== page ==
If you’re wondering about future threats to human health, you might want to pay attention to what is happening to the Brazilian Amazon, the world’s largest tropical rain forest and a hotspot of biodiversity, according to Florencia Sangermano, assistant professor of geography at Clark University.
Working with Paula R. Prist of EcoHealth Alliance and others, Sangermano is examining the links between deforestation and threats to human health. The researchers studied the effect of PM2.5 particulates — the fine particles — from forest fires on heart and respiratory diseases and the economic impact of these effects.
Over the past five decades, the Amazon has lost millions of acres of rainforest due to human activity, including forest fires used to clear the land for agriculture. These fires release noxious fumes containing fine particulate matter, which can lead to lung cancer, chronic bronchitis, stroke, and other serious health problems, Sangermano says.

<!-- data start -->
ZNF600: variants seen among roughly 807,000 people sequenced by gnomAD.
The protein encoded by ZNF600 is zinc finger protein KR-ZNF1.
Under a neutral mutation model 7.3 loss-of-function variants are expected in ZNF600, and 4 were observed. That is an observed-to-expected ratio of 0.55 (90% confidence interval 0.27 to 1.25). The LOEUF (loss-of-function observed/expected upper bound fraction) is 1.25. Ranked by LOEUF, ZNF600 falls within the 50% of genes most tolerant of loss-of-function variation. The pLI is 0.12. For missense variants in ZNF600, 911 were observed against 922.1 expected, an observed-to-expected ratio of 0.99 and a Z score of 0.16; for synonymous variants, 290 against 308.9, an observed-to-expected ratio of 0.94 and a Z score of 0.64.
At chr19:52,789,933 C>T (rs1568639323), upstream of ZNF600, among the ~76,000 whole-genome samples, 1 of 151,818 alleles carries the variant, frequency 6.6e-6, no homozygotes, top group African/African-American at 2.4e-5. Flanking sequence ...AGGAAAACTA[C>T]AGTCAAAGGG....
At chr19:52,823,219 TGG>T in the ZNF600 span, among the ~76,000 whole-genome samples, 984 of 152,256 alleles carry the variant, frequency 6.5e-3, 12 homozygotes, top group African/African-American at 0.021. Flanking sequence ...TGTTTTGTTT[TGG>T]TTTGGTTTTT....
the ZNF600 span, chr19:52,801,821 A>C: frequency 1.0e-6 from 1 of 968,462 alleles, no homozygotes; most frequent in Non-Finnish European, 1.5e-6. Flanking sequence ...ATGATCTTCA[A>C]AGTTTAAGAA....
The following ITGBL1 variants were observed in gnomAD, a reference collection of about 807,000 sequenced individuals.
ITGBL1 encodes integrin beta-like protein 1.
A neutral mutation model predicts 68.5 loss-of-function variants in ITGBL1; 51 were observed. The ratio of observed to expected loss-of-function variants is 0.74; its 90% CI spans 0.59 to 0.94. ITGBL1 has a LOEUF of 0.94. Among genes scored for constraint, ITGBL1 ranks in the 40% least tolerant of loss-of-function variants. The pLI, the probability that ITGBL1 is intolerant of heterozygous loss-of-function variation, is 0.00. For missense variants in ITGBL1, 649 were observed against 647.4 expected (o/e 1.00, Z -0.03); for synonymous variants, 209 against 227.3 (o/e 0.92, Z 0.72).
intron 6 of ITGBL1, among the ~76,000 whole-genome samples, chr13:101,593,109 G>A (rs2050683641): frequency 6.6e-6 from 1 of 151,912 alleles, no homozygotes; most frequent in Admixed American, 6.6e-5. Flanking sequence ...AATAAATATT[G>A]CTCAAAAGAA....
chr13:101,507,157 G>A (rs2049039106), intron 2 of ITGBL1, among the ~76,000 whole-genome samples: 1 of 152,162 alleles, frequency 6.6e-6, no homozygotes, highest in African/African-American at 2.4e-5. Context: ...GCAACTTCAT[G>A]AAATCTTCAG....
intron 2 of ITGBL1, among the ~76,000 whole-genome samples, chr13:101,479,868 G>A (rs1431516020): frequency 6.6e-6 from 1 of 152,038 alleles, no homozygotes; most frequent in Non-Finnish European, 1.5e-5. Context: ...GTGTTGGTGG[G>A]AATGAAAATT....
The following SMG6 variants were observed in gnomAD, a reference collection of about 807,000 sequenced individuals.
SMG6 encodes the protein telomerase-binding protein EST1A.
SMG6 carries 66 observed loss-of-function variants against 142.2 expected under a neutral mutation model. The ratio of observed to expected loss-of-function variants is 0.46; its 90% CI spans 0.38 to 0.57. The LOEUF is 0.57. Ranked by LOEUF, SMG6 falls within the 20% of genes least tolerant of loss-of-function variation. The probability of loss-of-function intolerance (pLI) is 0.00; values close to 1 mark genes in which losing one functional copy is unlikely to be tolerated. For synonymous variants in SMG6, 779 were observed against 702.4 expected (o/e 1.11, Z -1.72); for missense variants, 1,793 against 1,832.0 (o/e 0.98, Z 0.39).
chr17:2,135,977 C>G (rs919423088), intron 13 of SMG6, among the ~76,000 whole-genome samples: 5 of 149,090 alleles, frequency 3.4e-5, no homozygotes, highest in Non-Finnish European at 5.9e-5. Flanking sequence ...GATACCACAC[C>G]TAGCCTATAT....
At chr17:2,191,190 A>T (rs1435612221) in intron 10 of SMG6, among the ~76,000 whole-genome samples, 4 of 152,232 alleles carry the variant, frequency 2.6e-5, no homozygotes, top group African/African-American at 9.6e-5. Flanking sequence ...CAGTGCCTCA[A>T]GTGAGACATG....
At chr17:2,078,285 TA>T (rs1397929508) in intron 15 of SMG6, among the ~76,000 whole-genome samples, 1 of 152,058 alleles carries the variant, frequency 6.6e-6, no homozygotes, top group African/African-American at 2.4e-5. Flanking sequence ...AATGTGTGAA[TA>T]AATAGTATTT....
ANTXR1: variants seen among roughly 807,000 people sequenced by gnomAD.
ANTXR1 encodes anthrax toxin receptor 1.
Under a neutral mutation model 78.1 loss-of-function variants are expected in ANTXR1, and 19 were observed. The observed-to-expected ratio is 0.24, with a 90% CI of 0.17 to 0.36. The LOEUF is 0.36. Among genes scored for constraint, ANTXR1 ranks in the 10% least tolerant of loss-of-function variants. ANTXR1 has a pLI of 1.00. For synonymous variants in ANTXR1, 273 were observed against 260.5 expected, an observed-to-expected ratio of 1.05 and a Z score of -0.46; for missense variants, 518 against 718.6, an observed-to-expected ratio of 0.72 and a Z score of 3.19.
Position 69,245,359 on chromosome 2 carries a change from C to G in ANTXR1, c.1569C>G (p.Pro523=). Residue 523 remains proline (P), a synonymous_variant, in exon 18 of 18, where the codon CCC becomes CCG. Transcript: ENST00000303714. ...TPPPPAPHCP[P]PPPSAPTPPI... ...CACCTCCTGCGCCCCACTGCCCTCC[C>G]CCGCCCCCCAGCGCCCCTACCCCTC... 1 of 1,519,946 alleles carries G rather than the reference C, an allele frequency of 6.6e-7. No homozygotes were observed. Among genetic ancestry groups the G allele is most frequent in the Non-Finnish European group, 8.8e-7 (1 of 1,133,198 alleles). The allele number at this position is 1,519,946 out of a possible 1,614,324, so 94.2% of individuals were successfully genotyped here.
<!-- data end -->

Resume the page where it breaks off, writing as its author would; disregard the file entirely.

Using 10 years of satellite data compiled and analyzed by Sangermano, the scientists discovered that the particulate matter can disperse over hundreds of miles, affecting people who live up to 310 miles away, according to their study recently published in Nature’s Communications Earth and Environment.
However, because forested areas have been shown to regulate and improve air quality, the scientists estimate that Indigenous territories — which have not yet been cleared— could absorb over 7,000 tons of these pollutants per year.
“Our work highlights Indigenous territories’ importance in avoiding over 15 million respiratory and cardiovascular cases, with around $2 billion saved in healthcare costs,” Sangermano says. “The project has the potential to significantly impact the future of Indigenous territories, bolstering support for the legalization, protection and expansion of their lands.”
Brazil’s new president, Luiz Inácio Lula da Silva, recently recognized Indigenous territories in the Amazon rainforest.